Yes: it does need to be shown. We need more awareness and discussion of the history of slavery, not less, for it still marks our world in many ways, and Liverpool was a major contributor to the slave trade of the 18th century. Fortunately, Liverpool museums seem to have worked with the local Black Lives Matter movement in coming to the design to show it. Alyson Pollard, Head of the Lady Lever Art Gallery writes (and this is on the wall in the gallery, as well):

The Lady Lever Art Gallery is seeking to display, more openly, the Black histories and stories linked to the Transatlantic Slave Trade and its legacies which are not currently transparent in the collections. Displaying this disturbing painting prominently, and acknowledging its context is the beginning of a long-term project to ensure our collections are not seen and viewed through a single historic lens but instead reflect multiple histories. The painting was previously displayed high up on a wall in the William and Mary room and under reflective glass. Its depiction of life for the very wealthy and of the injustices suffered by people of colour at this time make this a very significant image and one which we felt needed to be in a more prominent location.

A short walk from the Lady Lever Art Gallery takes you to the Port Sunlight Museum, where there is more to learn about the economy of empire. Here we learn that the ‘enlightened’ Lever drew on forced labour in the Belgian Congo to supply the palm oil for his soap. And he was an enthusiastic liberal imperialist: the resources for his manufacture lay in the places he wanted to see the empire expanded into. The website adds:

This re-display is one of several actions which the Lady Lever Art Gallery is taking in response to Black Lives Matter and the death of George Floyd. This includes openly acknowledging Lord Lever’s activities in West Africa during the period 1911 to 1925 and beginning the process of reinterpreting its collection.

Some people will argue that ‘the past cannot be judged by todays standards’. I disagree. Firstly, ‘todays standards’ where shared by many people in the time of slavery: it was denounced and fought against at the time. That is one of the reasons it doesn’t exist now. It’s also the case that the racism of slavery continues to have its long afterlife. The killing of black men and women by the law enforcement agencies in the USA, UK, France and beyond tell us something about where we are, or aren’t, when it comes to race and justice.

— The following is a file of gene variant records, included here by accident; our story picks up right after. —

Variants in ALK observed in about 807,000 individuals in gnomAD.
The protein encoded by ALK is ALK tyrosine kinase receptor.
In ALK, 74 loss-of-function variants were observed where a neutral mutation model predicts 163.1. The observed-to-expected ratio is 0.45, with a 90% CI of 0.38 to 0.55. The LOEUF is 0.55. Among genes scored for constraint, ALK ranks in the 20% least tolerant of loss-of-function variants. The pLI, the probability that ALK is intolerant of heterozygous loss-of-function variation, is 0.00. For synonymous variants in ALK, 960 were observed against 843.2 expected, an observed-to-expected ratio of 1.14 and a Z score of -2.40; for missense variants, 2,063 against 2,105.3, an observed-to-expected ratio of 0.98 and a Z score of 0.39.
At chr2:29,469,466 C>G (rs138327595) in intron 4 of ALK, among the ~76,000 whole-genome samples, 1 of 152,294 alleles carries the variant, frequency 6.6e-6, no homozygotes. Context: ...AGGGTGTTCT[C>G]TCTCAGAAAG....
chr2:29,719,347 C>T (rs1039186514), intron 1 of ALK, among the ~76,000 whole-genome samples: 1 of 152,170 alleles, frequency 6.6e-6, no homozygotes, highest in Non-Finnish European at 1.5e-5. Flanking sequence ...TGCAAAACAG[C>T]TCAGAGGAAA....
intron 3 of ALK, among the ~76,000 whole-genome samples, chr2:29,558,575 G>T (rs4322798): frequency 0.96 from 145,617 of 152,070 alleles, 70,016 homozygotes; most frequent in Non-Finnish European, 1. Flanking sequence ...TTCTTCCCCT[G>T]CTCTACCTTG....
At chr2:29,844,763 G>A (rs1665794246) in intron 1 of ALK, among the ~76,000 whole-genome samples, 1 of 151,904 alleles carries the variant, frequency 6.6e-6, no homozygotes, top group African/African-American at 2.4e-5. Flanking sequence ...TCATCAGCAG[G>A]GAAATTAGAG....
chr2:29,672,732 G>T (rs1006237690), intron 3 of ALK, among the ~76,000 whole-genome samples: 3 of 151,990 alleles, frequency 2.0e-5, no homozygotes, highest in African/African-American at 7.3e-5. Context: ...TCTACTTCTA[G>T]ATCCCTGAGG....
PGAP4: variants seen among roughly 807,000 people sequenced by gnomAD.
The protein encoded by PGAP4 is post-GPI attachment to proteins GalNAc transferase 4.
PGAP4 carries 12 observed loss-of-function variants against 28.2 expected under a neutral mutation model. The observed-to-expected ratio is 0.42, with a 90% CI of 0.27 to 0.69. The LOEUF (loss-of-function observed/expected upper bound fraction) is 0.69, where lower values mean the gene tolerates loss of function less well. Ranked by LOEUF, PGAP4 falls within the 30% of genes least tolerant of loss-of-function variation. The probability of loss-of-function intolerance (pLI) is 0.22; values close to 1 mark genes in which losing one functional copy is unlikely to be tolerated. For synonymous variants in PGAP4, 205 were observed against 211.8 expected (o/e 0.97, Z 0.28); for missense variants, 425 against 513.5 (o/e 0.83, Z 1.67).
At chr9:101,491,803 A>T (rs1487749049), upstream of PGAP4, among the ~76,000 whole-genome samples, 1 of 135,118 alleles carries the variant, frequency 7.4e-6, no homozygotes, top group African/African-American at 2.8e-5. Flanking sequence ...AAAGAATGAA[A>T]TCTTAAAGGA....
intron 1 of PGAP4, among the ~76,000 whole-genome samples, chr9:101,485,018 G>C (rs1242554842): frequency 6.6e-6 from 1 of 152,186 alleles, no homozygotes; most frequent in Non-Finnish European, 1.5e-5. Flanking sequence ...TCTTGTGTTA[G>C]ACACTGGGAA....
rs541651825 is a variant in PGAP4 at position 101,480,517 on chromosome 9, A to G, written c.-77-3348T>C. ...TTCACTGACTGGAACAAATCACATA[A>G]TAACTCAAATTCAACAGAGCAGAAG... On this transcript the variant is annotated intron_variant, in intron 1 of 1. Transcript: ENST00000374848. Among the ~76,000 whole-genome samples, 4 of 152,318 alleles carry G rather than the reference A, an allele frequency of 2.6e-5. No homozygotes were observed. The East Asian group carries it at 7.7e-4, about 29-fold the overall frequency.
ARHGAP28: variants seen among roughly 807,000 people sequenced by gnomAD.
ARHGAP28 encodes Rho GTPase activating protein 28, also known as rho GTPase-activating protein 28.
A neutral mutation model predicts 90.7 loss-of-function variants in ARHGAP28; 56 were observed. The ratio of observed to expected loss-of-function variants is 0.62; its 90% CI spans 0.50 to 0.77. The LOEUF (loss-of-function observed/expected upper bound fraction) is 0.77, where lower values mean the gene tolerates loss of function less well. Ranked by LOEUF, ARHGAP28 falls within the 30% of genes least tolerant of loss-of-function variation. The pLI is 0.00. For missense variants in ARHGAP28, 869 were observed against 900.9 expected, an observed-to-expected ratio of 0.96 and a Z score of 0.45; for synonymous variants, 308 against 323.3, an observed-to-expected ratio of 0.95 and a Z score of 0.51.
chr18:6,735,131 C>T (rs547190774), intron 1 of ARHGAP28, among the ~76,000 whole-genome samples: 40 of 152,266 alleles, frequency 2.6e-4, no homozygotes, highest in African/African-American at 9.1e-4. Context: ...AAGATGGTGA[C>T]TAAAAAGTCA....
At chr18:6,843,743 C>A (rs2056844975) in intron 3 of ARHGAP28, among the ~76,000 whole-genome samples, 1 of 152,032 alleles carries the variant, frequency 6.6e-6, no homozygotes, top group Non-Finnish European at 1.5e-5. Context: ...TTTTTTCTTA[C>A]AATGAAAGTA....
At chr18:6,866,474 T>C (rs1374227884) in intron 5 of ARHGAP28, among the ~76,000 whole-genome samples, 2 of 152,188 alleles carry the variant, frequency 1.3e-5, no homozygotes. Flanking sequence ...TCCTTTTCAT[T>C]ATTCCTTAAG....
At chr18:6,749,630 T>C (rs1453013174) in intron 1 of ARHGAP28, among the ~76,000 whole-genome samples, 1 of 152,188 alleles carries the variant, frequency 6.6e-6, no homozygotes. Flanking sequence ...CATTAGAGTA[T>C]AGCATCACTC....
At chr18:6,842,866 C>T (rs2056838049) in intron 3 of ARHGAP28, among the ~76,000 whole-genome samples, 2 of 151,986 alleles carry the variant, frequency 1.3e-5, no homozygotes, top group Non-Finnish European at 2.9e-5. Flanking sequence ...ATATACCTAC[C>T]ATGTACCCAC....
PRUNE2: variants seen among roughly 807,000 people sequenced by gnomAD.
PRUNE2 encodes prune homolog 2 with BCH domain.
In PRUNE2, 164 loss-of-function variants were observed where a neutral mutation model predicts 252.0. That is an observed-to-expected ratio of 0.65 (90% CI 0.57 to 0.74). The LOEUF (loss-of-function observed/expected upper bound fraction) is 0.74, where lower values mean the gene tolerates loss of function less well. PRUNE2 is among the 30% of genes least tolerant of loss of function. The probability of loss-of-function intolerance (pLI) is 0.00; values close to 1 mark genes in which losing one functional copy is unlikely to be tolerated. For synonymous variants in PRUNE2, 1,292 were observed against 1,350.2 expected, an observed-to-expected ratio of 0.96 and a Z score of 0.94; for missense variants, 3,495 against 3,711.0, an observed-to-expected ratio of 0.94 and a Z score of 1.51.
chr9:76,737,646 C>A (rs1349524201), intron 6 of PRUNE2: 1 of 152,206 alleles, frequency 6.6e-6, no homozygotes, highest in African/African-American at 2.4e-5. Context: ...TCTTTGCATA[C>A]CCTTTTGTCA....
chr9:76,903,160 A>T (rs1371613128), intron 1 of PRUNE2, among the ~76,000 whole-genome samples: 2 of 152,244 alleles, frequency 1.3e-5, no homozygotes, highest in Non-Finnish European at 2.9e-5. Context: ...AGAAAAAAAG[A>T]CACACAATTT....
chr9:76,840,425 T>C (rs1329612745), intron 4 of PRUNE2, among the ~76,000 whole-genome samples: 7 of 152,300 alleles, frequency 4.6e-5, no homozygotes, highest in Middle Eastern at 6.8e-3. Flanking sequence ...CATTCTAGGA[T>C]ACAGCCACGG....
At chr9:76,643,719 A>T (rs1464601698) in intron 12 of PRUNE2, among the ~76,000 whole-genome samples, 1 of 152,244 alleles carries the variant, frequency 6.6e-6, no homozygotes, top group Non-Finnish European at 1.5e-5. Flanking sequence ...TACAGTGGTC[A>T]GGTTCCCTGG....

The BLM movement, and others like it, have forced a discussion about that past, and what it means. BLM is not ‘identity politics’: it is a universalistic demand for justice for all: black lives clearly have not, do not, matter to too many of those with the power of life and death. BLM is the latest example of the way in which what we do now helps change the meaning of the past. The aim, that of justice, surely casts a light back on to the numberless others who were used and crushed by chattel slavery – among whom that boy in the picture was one. Let them come from the shadows. Let him be seen.

Walter Benjamin famously wrote that  “There is no document of civilisation that is not at the same time a document of barbarism,” and the Santerre painting can surely stand as an example of of that. But there is another insight that occurs to me in this context: that the meaning of the past, including identity of the winners and losers of past struggles, is not settled. What we do now changes the meaning of what went before: 

Only that historian will have the gift of fanning the spark of hope in the past who is firmly convinced that even the dead will not be safe from the enemy if he wins. And this enemy has not ceased to be victorious. [1]


[1] Benjamin, W: On the Concept of History https://www.sfu.ca/~andrewf/books/Concept_History_Benjamin.pdf